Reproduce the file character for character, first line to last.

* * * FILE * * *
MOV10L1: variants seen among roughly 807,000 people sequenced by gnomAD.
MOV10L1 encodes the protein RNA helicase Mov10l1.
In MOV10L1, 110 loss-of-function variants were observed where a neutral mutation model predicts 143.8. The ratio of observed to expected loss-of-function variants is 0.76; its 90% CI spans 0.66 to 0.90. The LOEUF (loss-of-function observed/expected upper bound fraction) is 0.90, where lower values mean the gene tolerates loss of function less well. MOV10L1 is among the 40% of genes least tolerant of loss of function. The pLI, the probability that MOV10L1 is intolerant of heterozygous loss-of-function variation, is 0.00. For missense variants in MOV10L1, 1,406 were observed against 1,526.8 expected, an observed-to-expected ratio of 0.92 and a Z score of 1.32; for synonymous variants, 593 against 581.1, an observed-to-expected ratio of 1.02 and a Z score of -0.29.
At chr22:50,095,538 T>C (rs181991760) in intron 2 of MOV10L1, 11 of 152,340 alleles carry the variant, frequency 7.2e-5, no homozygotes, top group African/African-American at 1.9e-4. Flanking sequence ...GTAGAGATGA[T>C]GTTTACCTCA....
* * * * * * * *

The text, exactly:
MOV10L1: variants seen among roughly 807,000 people sequenced by gnomAD.
MOV10L1 encodes the protein RNA helicase Mov10l1.
In MOV10L1, 110 loss-of-function variants were observed where a neutral mutation model predicts 143.8. The ratio of observed to expected loss-of-function variants is 0.76; its 90% CI spans 0.66 to 0.90. The LOEUF (loss-of-function observed/expected upper bound fraction) is 0.90, where lower values mean the gene tolerates loss of function less well. MOV10L1 is among the 40% of genes least tolerant of loss of function. The pLI, the probability that MOV10L1 is intolerant of heterozygous loss-of-function variation, is 0.00. For missense variants in MOV10L1, 1,406 were observed against 1,526.8 expected, an observed-to-expected ratio of 0.92 and a Z score of 1.32; for synonymous variants, 593 against 581.1, an observed-to-expected ratio of 1.02 and a Z score of -0.29.
At chr22:50,095,538 T>C (rs181991760) in intron 2 of MOV10L1, 11 of 152,340 alleles carry the variant, frequency 7.2e-5, no homozygotes, top group African/African-American at 1.9e-4. Flanking sequence ...GTAGAGATGA[T>C]GTTTACCTCA....